Trinidad, April, 1634
It was a lake, but one unlike any other they had seen. This was the famous Pitch Lake of Trinidad. A hundred acres of tar.
David Pieterszoon de Vries, captain of the fluyt Walvis, studied it for a few moments. The lake was nearly circular, perhaps two thousand feet across, nestled in a shallow bowl at the top of a hill. The surface wasn't flat and still, like a mountain lake protected by hills from the wind. Instead, there were broad, dark folds, with clear rainwater lying in the hollows between them. David, in his youth, had worked for a bookseller, to learn English, and their haphazard arrangement reminded him of marbled paper. Here and there, the folds were festooned with a patch of grass, a few yards in width, with a shrub or small tree rising above it like the mast of a ship.
For Philip Jenkins, born in twentieth century West Virginia, it awoke other memories. "This is a humongous parking lot."
"Sir Walter was right," said David. "Enough pitch here for all the ships of the world." Sir Walter Raleigh had come here in 1595; his sailors used its tar to protect their ships' hulls from the teredos, the wood borers of the tropical waters.
"We have a lot more uses for it than for caulking ships," Philip replied.
"Wait here." Using a boarding pike as a probe, David tested the surface. It seemed firm enough. He took a step forward. The tar sank slightly, but held his weight. He took a second step. No problem.
David turned his head. "Follow me. Test the ground before you trust yourself to it, there may be softer areas at the center of the lake." After a moment's hesitation, the landing party followed him.
Philip was surprised to discover that the tar didn't seem to stick to his shoes or clothing, as he would have expected. Inspected closely, the tar was finely wrinkled, like the skin of an elephant.
David and his landing party walked around a bit, then he called them to a halt. "One spot seems as good as another, so let's start here." The sailors broke up the tar with picks, then drove their shovels into the bitumen, lifting out masses of dark goo. They dumped them into the waiting wheelbarrows. Philip wrinkled his nose; the disturbance of the lake surface, had brought forth a sulphurous smell. Nor was the lake quiet; it made burping sounds, now and then.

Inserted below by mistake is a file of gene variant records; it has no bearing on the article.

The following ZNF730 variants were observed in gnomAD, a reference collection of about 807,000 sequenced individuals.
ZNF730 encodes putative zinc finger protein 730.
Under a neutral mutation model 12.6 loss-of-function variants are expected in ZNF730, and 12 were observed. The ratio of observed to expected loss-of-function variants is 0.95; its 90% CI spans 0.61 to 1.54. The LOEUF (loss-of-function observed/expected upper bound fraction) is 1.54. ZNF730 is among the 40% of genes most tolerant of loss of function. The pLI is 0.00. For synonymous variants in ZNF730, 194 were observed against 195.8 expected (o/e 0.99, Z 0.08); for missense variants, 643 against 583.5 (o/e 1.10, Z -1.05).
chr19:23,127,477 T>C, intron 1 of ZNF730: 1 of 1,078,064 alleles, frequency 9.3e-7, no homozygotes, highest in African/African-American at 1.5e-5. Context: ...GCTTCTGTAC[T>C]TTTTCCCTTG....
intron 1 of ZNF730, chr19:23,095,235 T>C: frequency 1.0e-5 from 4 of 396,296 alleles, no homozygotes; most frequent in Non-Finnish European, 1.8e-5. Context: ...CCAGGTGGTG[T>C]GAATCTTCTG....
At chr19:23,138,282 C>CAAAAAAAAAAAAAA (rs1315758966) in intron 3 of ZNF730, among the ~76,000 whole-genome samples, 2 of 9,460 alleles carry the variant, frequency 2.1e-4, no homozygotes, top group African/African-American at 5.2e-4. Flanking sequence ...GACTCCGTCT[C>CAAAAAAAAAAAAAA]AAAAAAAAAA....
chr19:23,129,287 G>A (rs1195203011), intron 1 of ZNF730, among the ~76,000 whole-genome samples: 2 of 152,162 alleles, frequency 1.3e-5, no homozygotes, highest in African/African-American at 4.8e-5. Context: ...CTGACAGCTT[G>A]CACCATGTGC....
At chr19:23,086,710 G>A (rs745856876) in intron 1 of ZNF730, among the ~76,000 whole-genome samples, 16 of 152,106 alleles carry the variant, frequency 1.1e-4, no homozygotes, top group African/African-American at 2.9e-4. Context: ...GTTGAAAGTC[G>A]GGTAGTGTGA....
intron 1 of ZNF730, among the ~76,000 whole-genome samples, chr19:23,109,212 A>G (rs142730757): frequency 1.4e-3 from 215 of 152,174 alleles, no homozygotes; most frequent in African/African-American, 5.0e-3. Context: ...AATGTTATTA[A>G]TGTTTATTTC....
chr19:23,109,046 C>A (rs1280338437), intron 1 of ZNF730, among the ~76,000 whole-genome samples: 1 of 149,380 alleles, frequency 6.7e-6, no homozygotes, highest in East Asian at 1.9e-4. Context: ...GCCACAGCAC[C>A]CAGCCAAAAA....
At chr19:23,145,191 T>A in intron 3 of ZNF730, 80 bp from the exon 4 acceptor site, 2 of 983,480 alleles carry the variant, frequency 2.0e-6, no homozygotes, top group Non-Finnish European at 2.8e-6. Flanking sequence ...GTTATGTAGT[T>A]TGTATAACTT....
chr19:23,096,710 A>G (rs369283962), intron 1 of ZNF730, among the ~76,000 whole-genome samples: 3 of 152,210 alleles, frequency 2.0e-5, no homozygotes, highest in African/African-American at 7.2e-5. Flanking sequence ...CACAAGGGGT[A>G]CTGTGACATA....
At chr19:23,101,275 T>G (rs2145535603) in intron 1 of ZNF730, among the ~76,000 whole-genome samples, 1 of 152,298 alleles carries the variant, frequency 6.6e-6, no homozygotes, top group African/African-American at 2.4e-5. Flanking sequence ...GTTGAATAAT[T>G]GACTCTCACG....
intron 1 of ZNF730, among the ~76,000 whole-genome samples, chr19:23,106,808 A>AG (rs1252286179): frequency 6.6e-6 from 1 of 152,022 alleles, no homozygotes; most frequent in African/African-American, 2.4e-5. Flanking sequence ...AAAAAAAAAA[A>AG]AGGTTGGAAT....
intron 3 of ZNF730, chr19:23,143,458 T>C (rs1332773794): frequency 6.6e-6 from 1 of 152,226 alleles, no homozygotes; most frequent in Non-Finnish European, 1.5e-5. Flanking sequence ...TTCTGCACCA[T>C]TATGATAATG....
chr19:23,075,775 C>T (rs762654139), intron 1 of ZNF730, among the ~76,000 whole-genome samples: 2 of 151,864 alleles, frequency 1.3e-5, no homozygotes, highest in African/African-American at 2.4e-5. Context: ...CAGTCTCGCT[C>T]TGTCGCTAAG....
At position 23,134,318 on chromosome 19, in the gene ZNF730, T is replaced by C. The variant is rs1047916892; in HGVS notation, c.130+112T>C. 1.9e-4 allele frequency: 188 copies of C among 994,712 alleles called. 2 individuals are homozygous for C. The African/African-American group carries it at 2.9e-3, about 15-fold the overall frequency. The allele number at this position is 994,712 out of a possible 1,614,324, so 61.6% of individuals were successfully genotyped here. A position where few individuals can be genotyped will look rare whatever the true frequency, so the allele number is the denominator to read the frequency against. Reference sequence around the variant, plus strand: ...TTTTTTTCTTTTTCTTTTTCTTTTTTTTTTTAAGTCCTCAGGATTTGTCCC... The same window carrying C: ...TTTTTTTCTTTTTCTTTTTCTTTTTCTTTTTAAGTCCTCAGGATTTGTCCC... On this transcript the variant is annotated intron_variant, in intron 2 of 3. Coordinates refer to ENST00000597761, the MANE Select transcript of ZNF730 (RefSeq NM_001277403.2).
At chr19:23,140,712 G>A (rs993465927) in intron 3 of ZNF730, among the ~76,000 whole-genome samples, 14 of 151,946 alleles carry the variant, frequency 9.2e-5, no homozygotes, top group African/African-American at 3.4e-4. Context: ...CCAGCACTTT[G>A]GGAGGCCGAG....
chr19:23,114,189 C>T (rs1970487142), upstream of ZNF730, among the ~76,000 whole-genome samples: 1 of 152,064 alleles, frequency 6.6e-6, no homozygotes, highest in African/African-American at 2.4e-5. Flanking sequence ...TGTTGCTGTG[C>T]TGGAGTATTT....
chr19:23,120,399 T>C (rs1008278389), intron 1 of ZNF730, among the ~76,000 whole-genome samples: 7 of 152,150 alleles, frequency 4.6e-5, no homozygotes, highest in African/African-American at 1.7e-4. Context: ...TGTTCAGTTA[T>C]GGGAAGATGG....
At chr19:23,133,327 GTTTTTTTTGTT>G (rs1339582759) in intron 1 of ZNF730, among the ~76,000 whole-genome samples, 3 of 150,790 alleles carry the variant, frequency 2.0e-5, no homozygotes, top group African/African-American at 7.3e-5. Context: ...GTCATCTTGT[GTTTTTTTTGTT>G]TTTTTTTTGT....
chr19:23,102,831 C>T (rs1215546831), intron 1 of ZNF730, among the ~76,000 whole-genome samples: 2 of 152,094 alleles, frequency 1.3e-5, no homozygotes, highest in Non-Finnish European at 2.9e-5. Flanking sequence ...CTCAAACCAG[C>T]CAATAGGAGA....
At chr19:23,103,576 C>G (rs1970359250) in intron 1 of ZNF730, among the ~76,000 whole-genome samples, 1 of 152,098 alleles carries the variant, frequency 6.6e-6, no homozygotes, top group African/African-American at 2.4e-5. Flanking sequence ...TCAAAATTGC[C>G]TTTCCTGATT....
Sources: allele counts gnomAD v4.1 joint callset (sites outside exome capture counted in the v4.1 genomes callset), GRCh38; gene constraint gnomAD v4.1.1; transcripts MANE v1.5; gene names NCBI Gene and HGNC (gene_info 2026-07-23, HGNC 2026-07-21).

"The lake is farting," one of the sailors joked.
Philip saw a tree limb sticking out of the tar, and tried pulling it out. It resisted at first, then emerged, a ribbon of black taffy connecting it to the lake, like a baby's umbilical cord. Philip studied it for a moment, then threw down the stick. He walked over to David.
"You know what this place reminds me of?" asked Philip. "The Welt-Tier."
David puzzled over the word for a moment. "German? World-animal?"
"Yes, that's right. It was in a science fiction story by Philip Jose Farmer. The ground was springy, like this lake. When someone walked across it, it rose up, like a wave, and tried to swallow him. The land was really the skin of the Beast."
The sailors within hearing stirred uneasily. "Philip," commanded David, "you should be shoveling." Philip nodded, and took the shovel that was handed to him.
By the day's end, they had excavated a rectangular pit, some tens of feet long, and several feet deep. David decided against camping on land, it being Spanish territory, and everyone returned to the ship.
When they came back to the lake to continue their labors, they discovered that the pit had partially filled in. Moreover, some of the nearby "islands" of vegetation had moved during the night.
"The lake does act like a living thing," David whispered to Philip, "but an exceedingly sluggish one. Not like your Welt-Tier."